The Wonderling, written and illustrated by Mira Bartók, 464 pp, RL 4

The Wonderling by Mira Bartók is the kind of book that doesn't come along too often - you can tell just by the cover. With a gift for richly detailed, lyrical writing, Bartók brings together familiar elements and themes from children's literature, using them to build a world that is completely inviting and engrossing, filled with characters you want to get to know and spend time with. 
The Wonderling of the title is a groundling, a creature of this world that is part animal, part human, appearing in all combinations imaginable. Loathed and discriminated against, groundlings have been pushed out of Lumentown by the High Hats (the tall hat-wearing, 100% human aristocrats), labeled, marginalized and forced into glum servitude or worse, the underground world known as Gloomintown. Or, if they are orphaned groundlings, they end up at a cross-shaped, Dickensian workhouse posing as an orphanage, Miss Carbunkle's Home for Wayward and Misbegotten Creatures. This is where we first meet Number 13, as he is known at the start of the novel, an orphan with no memories of his life before. A fox-like creature with only one ear, Number 13, who possesses gifts that he keeps secret, is lonely and picked on, a fate only marginally worse than that of every other groundling in this grim place. Things change for Number 13 when Trinket, a flightless bird with ta talent for tinkering and storytelling, arrives. Trinket gives Number 13 the name Arthur, after the king of legend, and she lifts his spirits - literally. 
The two escape the orphanage, but not before learning some vital information about the cruel Miss Carbunkle, and the adventure of The Wonderling begins. Bartók sends Arthur on an odyssey that, while dark, dangerous and creepy at times, is also filled with enough moments of comfort and warmth to sustain reader - whether from Quintus, a Fagin-type rat who takes Arthur under his wing, Pinecone, an elfin child of the forest living in a large, cozy tree with his huge family, or the lovely, music filled home of Phoebe Nightingale in the heart of Lumentown. Moments of darkness, like the sad circumstances that fuel Miss Carbunkle's demented drive to eliminate music from the world to the dank, moldy underground world of Gloomintown, filled with slugs, night crows, mines and graveyards, as well as a secret, ancient dark magic hidden away, drive the story and keep it moving forward without being gruesome.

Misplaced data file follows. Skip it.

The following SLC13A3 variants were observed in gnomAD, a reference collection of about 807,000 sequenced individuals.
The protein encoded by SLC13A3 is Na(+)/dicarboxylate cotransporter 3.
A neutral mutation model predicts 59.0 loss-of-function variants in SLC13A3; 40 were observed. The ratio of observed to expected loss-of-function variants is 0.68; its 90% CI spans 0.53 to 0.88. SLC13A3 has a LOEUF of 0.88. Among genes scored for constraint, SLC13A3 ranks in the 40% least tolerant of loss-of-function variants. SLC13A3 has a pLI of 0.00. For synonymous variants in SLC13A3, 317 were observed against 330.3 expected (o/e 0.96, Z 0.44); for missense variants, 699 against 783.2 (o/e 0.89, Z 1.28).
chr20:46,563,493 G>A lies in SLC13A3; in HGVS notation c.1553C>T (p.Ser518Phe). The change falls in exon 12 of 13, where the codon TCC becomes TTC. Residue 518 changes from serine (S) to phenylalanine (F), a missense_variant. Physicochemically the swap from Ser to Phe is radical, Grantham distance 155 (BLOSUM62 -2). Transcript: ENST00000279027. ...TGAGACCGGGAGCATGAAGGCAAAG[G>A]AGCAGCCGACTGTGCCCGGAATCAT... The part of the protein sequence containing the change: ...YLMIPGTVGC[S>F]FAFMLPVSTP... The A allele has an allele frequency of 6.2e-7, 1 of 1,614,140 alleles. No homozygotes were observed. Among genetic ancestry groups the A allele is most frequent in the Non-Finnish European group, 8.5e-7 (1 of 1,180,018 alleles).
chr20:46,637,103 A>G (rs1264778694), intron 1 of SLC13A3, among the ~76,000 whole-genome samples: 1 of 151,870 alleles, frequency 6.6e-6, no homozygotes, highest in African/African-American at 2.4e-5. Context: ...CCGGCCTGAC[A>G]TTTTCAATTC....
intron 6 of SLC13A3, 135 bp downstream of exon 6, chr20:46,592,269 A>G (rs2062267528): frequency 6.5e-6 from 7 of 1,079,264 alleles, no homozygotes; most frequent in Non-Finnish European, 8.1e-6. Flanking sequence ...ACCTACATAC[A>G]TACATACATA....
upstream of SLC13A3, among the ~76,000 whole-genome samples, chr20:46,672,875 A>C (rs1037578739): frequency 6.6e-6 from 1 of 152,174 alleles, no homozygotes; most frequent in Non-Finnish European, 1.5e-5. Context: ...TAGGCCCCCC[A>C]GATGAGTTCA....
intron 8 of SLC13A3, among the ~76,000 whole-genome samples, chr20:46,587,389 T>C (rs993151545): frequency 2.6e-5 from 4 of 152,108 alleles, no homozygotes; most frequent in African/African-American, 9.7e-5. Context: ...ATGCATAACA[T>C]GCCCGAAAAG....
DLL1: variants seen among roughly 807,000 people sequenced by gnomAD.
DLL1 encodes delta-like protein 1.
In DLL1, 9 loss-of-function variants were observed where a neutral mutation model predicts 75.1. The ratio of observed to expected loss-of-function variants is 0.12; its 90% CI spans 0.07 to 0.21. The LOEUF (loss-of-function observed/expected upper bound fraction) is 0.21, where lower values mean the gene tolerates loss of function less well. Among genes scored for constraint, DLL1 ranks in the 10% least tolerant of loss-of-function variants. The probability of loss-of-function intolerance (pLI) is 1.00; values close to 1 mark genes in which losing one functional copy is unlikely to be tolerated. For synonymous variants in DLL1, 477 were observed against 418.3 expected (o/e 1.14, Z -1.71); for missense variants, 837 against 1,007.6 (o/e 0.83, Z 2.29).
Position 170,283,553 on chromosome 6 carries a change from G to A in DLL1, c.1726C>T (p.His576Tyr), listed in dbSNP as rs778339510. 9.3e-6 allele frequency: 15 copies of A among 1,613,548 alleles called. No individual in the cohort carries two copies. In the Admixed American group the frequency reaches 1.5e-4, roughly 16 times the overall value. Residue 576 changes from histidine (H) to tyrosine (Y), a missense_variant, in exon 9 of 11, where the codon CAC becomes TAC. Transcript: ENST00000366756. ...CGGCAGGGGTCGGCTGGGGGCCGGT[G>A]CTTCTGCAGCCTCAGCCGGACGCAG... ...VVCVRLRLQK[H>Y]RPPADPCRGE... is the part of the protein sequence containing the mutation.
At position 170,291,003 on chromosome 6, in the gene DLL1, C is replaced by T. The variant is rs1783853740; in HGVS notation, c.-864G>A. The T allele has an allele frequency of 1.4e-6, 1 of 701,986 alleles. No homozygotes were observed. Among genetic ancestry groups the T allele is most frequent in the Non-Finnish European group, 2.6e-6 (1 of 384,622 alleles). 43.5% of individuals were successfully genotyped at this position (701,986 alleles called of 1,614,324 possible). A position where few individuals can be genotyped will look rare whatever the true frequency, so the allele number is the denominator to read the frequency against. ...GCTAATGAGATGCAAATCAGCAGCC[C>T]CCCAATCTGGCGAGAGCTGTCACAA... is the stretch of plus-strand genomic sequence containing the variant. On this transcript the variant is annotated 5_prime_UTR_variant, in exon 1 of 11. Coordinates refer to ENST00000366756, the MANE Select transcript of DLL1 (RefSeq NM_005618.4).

Bartók's writing, which is melodiously beautiful and includes the words "palimpsest," and "panoptic," (two really marvelous words I learned from reading books - one, a book of poetry by H.D. read in college, and another, a YA novel by e lockhart, read several years ago) is the foundation of this world that calls to mind classic Victorian orphan stories with a splash of The Wind in the Willows, a touch of Roald Dahl and echoes of Wildwood, by Colin Meloy stirred in to make something new and wonderful. There is an element of steampunk, from the inventive tinkering by Trinket, to the mechanical beetles Miss Carbunkle is building for nefarious reasons in the basement of the orphanage, to the flying bicycles and the amazing Songcatcher contraption, that add richness and an air of excitement to The Wondelring, which technically is called The Wonderling: Songcatcher. The sequel will be called The Wonderling: Singing Tree.
When a book grabs me the way The Wonderling did, I am compelled to research the author and the origins of the story. Bartók's are especially interesting, as I learned when I read this review of The Memory Palace, Bartók's memoir about her schizophrenic mother, which is on my to-be-read list now. Learning just a bit about her challenging, complicated childhood and a traumatic head accident that left her, as an adult, with memory loss, added a depth of perspective to my reading of The Wonderling. Reasearching the origins of her first book for children, it was especially uplifting to read this article from 2015 about the crazy coincidences that led to the (seven figure) sale of the film rights to The Wonderling before the book itself had been sold! Finally, the story about where Karen Lotz (president and publisher of Candlewick Press, a publisher who has long been my favorite because of the high quality of books - both in content and design - they put out) was when she read the first pages of The Wonderling that were sent out to publishers before the biding war and how and why Bartók ultimately chose to sell her manuscript to Candlewick Press (a trip to the"target="_blank">Eric Carle Museum
an a very wise study of the collection of books on the shelves of the bookstore there) were fascinating and, again, added a depth of understanding and appreciation to a book I had already fallen in love with. 

When given to the right reader or, even better, when read out loud to the right audience, The Wonderling is guaranteed to entrance, delight and live on in memory long after the last page has been read.

Source: Review Copy

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